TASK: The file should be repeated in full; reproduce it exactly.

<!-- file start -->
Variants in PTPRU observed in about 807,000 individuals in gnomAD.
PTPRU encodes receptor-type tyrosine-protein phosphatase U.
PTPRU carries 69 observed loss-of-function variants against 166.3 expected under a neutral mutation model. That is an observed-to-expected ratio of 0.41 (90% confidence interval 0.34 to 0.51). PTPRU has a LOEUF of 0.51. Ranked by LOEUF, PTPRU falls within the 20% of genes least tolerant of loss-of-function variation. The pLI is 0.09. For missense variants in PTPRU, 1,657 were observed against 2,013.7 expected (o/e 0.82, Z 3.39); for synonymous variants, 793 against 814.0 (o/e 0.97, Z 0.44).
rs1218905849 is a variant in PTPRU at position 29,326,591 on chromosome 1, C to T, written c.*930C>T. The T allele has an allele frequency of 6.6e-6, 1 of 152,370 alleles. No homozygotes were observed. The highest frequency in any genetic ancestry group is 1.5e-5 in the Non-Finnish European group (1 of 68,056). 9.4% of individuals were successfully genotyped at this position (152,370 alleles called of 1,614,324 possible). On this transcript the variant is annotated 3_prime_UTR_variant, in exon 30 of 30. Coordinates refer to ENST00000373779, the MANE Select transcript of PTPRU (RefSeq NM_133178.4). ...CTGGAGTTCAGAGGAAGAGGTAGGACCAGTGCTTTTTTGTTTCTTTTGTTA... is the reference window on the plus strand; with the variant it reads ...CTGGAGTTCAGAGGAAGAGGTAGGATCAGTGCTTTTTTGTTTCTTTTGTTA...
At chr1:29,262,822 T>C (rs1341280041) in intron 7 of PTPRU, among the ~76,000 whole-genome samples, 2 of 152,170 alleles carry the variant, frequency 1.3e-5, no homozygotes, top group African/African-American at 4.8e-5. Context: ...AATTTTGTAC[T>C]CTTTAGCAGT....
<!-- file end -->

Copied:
Variants in PTPRU observed in about 807,000 individuals in gnomAD.
PTPRU encodes receptor-type tyrosine-protein phosphatase U.
PTPRU carries 69 observed loss-of-function variants against 166.3 expected under a neutral mutation model. That is an observed-to-expected ratio of 0.41 (90% confidence interval 0.34 to 0.51). PTPRU has a LOEUF of 0.51. Ranked by LOEUF, PTPRU falls within the 20% of genes least tolerant of loss-of-function variation. The pLI is 0.09. For missense variants in PTPRU, 1,657 were observed against 2,013.7 expected (o/e 0.82, Z 3.39); for synonymous variants, 793 against 814.0 (o/e 0.97, Z 0.44).
rs1218905849 is a variant in PTPRU at position 29,326,591 on chromosome 1, C to T, written c.*930C>T. The T allele has an allele frequency of 6.6e-6, 1 of 152,370 alleles. No homozygotes were observed. The highest frequency in any genetic ancestry group is 1.5e-5 in the Non-Finnish European group (1 of 68,056). 9.4% of individuals were successfully genotyped at this position (152,370 alleles called of 1,614,324 possible). On this transcript the variant is annotated 3_prime_UTR_variant, in exon 30 of 30. Coordinates refer to ENST00000373779, the MANE Select transcript of PTPRU (RefSeq NM_133178.4). ...CTGGAGTTCAGAGGAAGAGGTAGGACCAGTGCTTTTTTGTTTCTTTTGTTA... is the reference window on the plus strand; with the variant it reads ...CTGGAGTTCAGAGGAAGAGGTAGGATCAGTGCTTTTTTGTTTCTTTTGTTA...
At chr1:29,262,822 T>C (rs1341280041) in intron 7 of PTPRU, among the ~76,000 whole-genome samples, 2 of 152,170 alleles carry the variant, frequency 1.3e-5, no homozygotes, top group African/African-American at 4.8e-5. Context: ...AATTTTGTAC[T>C]CTTTAGCAGT....